Health & Wellness Committee: As You Age, Be Sure to Adjust Your Food Routine

Jennifer Hall, Weavers Way Health & Wellness Committee

On Tuesday, Oct. 15, from 6 to 7:30 p.m., the Health & Wellness Committee is sponsoring the workshop “Healthy Aging and Nutrition.” You can hear from nutrition experts on the above topics, learn specific foods for common conditions and get suggestions for healthy changes that work with your lifestyle. The workshop is free and will take place at Sage Integrative Health Center, 538 Carpenter Lane in Mt. Airy.

Nutrition plays a vital role in our health, and as we age, it is natural for our bodies to have different nutritional needs. It is important to be aware of these changes and adjust our diets accordingly. They include changes in metabolism, bone density, digestion and sensory input.

Is your metabolism slowing down?

The body’s resting metabolism tends to decline with age. We are no longer little kids with seemingly endless energy reserves. With the decrease in activity level, our energy requirements decrease, and we need to eat less. Research suggests that our body’s ability to absorb and utilize nutrients becomes less efficient, and so our nutrient requirements increase. The challenge then becomes consuming as much or more nutrients while eating fewer calories. A solution is to focus on quality, not quantity. This means eating more nutrient-dense foods and fewer empty-calorie foods.

Most empty-calorie foods are highly processed and contain added fat and sugar. These are the foods that many of us love: sweets, soft drinks, chips, fried foods and alcoholic drinks that contain few or no nutrients. 

So what should we be eating? Aim for the foods at the perimeter of your typical grocery store: fresh fruits and vegetables, whole grains, fish, lean meat, dairy and some of the healthier prepared foods.

Are your bones cracking when you stand?

Around the age of 30, bone density diminishes in men and women, causing them to become more fragile. Even though bone density declines at that age, most people don’t start thinking about osteoporosis and osteoarthritis for another 10-15 years.

But paying attention to your health early can avoid problems later. The nutrients that support bone health include calcium, vitamin D, potassium and protein. Calcium-rich foods include milk; yogurt; fortified dairy-free milk; dark, leafy greens and beans. If you’re not out in the sun enough, you might need to take a vitamin D supplement. The current recommendation is 600 IU a day until 70 years of age and if you’re over 70, 800 IU per day. To achieve your recommended 4,700 mg of potassium, consume plenty of bananas, potatoes, prunes, squash, lima beans and spinach.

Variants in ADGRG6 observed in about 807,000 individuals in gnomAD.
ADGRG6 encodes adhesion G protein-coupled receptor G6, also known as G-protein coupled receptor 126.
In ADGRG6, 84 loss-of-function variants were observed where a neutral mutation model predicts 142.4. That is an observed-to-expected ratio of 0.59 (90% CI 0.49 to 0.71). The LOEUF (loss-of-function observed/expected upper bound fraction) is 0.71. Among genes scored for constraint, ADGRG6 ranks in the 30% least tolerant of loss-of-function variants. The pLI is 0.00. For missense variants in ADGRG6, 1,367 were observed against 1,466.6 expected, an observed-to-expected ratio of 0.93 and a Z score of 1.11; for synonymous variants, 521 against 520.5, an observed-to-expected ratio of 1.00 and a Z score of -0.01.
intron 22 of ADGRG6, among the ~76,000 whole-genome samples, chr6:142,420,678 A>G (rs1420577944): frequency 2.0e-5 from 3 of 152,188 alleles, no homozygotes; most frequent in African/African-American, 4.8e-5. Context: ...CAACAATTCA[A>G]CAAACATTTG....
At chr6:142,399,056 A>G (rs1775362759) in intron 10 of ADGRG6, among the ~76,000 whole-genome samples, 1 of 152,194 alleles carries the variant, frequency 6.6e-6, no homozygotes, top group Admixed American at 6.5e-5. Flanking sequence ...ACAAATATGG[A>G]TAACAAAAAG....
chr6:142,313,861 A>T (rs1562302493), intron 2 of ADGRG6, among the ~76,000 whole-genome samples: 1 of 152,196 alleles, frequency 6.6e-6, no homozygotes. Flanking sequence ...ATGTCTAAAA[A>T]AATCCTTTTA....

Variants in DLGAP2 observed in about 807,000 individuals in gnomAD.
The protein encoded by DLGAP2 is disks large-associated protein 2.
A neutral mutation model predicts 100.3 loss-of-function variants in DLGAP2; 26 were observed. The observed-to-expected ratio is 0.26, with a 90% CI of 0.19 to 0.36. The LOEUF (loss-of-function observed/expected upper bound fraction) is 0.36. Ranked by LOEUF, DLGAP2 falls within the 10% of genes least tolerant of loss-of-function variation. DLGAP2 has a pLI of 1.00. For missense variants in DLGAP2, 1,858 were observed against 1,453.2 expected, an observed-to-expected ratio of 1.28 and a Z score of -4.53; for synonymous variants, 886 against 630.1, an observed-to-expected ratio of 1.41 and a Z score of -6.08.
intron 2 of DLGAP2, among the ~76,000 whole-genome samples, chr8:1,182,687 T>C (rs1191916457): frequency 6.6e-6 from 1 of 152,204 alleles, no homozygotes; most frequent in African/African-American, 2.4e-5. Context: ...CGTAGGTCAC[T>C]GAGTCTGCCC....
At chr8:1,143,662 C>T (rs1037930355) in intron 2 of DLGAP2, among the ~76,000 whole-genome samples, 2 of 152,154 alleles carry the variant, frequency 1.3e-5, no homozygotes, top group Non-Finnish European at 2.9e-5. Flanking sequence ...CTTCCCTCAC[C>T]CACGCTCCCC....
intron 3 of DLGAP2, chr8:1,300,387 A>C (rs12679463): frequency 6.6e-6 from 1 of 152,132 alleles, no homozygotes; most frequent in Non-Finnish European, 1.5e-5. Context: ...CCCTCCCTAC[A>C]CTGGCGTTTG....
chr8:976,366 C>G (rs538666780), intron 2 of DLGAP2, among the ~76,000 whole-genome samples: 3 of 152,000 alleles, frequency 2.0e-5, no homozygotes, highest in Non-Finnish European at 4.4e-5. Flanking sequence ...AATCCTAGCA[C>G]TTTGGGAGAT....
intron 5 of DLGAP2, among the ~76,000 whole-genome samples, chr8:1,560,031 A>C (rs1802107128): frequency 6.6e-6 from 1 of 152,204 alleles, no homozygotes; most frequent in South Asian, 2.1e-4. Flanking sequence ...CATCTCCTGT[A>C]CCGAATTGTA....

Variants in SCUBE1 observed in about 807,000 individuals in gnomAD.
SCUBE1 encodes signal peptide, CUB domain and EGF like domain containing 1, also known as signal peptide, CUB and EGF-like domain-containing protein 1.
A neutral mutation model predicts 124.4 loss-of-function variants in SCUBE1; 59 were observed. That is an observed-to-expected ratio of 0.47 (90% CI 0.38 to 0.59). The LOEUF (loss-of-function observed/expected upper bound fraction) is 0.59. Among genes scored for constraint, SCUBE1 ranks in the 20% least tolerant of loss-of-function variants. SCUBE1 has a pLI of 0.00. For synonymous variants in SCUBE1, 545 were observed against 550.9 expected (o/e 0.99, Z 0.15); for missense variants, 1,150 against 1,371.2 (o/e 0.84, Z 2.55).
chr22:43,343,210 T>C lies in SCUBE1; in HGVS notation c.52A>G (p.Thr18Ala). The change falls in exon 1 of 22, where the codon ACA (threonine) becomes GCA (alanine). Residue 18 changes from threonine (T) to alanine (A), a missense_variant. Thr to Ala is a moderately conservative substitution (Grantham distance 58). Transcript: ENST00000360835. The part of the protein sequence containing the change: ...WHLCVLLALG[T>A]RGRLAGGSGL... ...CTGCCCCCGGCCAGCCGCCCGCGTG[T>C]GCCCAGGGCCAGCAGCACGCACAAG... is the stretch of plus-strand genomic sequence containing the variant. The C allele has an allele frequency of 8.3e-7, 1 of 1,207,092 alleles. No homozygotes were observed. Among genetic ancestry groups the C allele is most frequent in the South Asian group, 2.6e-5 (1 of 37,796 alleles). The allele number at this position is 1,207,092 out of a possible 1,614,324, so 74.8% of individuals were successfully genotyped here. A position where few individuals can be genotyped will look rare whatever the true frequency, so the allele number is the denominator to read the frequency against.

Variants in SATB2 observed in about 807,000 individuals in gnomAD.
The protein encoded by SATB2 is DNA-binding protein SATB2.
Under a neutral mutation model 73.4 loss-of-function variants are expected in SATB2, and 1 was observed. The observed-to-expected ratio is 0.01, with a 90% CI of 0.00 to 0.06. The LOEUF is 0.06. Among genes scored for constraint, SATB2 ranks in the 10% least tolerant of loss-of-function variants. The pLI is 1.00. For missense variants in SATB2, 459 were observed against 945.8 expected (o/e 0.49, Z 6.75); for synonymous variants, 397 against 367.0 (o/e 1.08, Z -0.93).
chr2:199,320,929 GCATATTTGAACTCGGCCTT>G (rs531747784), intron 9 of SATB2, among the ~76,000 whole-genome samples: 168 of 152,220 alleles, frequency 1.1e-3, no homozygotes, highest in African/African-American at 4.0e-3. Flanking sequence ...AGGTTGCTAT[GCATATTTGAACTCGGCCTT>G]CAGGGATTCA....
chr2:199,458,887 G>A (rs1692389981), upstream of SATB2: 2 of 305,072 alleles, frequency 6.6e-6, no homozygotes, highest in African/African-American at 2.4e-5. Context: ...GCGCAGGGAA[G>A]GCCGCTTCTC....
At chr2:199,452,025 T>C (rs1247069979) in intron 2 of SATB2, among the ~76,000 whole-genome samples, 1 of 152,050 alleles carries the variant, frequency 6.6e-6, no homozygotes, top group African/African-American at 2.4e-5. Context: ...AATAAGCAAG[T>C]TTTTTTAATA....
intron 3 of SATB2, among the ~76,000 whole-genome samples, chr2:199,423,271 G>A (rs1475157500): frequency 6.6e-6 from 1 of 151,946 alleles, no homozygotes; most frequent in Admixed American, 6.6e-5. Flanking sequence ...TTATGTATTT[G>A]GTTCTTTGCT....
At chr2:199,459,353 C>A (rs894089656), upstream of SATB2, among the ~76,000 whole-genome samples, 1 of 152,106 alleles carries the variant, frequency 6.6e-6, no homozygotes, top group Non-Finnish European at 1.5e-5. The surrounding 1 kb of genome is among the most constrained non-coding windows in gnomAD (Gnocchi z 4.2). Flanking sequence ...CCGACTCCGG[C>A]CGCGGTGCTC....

Upset tummy or slow digestion?

Our digestive system is responsible for breaking down the food we eat into components the body can use. As we age, our digestive system may become less efficient due to poor diet and lifestyle choices as well as different medications we have taken. This inefficiency can lead to constipation, poor immune function and dehydration. 

It’s important to hydrate properly. Water is the most important nutrient, as it serves many essential functions. As we age, our thirst signals aren’t as loud as they used to be and it’s easy to become dehydrated. Adequate fluid and fiber intake, along with physical activity, can combat constipation and dehydration. Keep a large water bottle handy and sip from it throughout the day.

Can you taste your food?

Sensory changes that occur with age include a decline in sight and peripheral vision, hearing, smell and taste. These changes don’t come all at once, but they can affect nutritional intake and overall health. If food does not smell or taste good, it most likely will not be eaten. Or more salt may be added to food, possibly leading to hypertension. Instead of increasing salt, add herbs and spices to foods. You can also roast or sauté vegetables instead of boiling them, add fruits to bland foods like oatmeal or plain yogurt, top salads with crispy onions or nuts and purchase produce that’s in season for the best flavor.

Jennifer Hall, MS, is a nutritionist and health coach who is committed to supporting her clients’ health goals by using evidence-based nutrition and functional medicine to achieve a healthy lifestyle.